Once it's taped up (or not), grab a craft knife and carefully cut out the design.
Step 4: Outlining
Now that you've got your stencil, it's time to transfer it onto the glass. Tape the stencil into position to make sure it won't move partway through the process, then trace the design with a permanent marker. If it's a somewhat more complicated design I will sometimes use spray paint instead to transfer it, but this only really works for very flat surfaces (too much under/overspray getting all up in everything if the stencil isn't perfectly hugging a curved surface).
Remember that since things are being engraved from the reverse (we're engraving the underside of the plate because we don't want food coming into contact with the glow powder parts), the image needs to be flipped horizontally. Double- and even triple-check this. Often I have to get an outside opinion on my treble clefs, since I've engraved them from the reverse so often that I can't definitively recall which orientation is the normal one.
Step 5: Engraving
I've seen several glass-engraving how-to guides showing the engraving being done under some sort of water drip to keep the dust down, but the few times I've tried that method it was too difficult to see what I was doing through the diffraction of the water, so I just strap on a good filtration mask and then vacuum the dust out of my workspace when I'm done. Occasional wiping down of the work-in-progress with a damp cloth can help keep the dust down too. Just be careful not to wipe off your marker outlines.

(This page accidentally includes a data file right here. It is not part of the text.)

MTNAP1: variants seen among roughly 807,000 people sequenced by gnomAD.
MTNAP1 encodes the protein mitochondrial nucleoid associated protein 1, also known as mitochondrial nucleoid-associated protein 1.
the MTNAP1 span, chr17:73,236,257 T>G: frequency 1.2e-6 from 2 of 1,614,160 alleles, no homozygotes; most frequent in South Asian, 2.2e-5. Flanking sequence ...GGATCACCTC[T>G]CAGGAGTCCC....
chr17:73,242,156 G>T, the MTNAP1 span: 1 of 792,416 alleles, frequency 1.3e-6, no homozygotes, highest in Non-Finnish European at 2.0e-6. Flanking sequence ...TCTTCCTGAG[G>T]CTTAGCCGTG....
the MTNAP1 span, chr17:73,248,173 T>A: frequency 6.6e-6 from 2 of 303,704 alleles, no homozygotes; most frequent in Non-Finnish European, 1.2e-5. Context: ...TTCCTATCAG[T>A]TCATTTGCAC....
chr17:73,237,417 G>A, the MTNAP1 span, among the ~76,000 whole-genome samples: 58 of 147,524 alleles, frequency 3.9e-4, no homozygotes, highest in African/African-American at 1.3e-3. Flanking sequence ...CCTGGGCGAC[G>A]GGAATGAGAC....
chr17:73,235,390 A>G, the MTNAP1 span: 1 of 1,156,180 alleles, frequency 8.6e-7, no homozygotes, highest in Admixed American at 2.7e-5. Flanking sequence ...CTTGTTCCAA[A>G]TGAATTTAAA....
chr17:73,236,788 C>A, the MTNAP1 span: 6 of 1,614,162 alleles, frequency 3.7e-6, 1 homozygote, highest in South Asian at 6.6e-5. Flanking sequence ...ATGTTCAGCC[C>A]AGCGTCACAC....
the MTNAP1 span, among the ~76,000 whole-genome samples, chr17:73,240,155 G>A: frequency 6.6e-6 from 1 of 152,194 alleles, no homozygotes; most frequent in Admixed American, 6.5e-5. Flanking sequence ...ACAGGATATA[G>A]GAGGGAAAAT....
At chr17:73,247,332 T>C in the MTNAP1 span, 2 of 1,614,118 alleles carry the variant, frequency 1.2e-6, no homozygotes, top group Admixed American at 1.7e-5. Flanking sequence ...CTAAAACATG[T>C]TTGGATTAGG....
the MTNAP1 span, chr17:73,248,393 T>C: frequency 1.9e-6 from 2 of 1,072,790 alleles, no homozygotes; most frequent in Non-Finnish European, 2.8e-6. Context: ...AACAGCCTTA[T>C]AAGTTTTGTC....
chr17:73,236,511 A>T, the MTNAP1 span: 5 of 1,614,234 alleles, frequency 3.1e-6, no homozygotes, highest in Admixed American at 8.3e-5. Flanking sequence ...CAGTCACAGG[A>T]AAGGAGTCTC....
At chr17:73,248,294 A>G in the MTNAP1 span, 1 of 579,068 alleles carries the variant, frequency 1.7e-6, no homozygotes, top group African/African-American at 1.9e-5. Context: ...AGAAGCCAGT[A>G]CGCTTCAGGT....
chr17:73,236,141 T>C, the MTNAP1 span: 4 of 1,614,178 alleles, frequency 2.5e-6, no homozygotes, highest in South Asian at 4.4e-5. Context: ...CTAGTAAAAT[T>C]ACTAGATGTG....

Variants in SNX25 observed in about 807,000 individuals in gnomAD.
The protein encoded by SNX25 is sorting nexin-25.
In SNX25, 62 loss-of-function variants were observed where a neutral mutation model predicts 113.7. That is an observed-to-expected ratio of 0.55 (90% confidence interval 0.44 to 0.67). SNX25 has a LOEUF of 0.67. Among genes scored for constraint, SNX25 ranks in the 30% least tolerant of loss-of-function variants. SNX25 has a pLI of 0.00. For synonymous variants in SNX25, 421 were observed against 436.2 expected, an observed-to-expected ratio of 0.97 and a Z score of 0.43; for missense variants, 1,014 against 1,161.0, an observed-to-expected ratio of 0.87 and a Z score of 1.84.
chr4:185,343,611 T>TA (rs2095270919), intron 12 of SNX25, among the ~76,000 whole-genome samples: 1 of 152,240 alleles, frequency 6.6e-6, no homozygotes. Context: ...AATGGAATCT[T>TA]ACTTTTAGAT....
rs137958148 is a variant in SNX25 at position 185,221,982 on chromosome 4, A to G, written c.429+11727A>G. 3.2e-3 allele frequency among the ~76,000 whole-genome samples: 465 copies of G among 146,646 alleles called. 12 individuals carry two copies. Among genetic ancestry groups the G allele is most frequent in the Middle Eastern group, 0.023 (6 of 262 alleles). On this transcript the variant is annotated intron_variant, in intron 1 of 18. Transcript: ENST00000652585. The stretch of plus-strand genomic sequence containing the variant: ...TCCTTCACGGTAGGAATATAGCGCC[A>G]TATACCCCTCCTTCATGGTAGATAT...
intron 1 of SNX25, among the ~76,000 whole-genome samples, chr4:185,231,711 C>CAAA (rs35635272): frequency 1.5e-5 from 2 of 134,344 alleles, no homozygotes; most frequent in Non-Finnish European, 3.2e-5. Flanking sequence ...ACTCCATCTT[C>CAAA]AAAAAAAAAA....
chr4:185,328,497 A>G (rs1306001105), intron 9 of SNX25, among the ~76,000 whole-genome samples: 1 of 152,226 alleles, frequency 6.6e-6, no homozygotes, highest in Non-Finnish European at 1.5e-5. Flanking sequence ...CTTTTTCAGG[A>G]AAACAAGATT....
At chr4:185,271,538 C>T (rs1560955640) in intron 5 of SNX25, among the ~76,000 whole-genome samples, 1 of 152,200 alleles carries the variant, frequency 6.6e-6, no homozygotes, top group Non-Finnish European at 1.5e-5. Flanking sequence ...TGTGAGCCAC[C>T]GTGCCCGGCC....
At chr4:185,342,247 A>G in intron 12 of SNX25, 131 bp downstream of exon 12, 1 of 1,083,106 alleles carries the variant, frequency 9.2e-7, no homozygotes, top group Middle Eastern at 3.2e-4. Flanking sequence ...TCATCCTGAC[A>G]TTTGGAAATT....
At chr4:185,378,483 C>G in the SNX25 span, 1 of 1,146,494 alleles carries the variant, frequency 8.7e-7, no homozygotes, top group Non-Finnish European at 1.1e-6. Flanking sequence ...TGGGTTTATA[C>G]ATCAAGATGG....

Break out the rotary tool and engraving burrs. Start with the smaller burrs and work up to the bigger ones. This gets a smoother finish than going the other way. Begin with basic outlines and work up to larger "fill" areas. Several light passes are far preferable to one or two really heavy ones. Heavy, aggressive cuts are more prone to having the torque jerk the burr away from its intended path and scratching up areas that weren't supposed to be engraved, or even jumping away from the glass entirely in order to say hello to your skin, and then comes the challenge of figuring out how to incorporate the mistake so it doesn't look like a mistake, or just trying not to bleed all over your work. Starting with light cuts also helps get a feel for the glass, since the many varieties of glass will be harder or easier, rougher or smoother to engrave, and just generally behave differently under the burrs.
Cannot stress this enough: DO NOT INHALE THE GLASS DUST
Step 6: Deepening
Once the basic outlines are done, it's time to step up to larger burrs to deepen the engraving. The deeper the cuts go, the more glow powder can be filled into them, but don't go so deep that the integrity of the glass is compromised. Deeper, stronger passes should be balanced with quick, lighter ones to smooth out the finish and get an even depth all around.
Step 7: Polishing
This step is optional. Skip over it to the next one if you so desire.
These rubberized polishing burr things will buff up the engraved areas to remove some of the frosted effect that the diamond burrs left behind, and make it a bit easier for light to shine through unimpeded, which we want for the glow powder part. The effect isn't huge though, so this step can, as mentioned earlier, be skipped without too much trouble.
Step 8: Mixing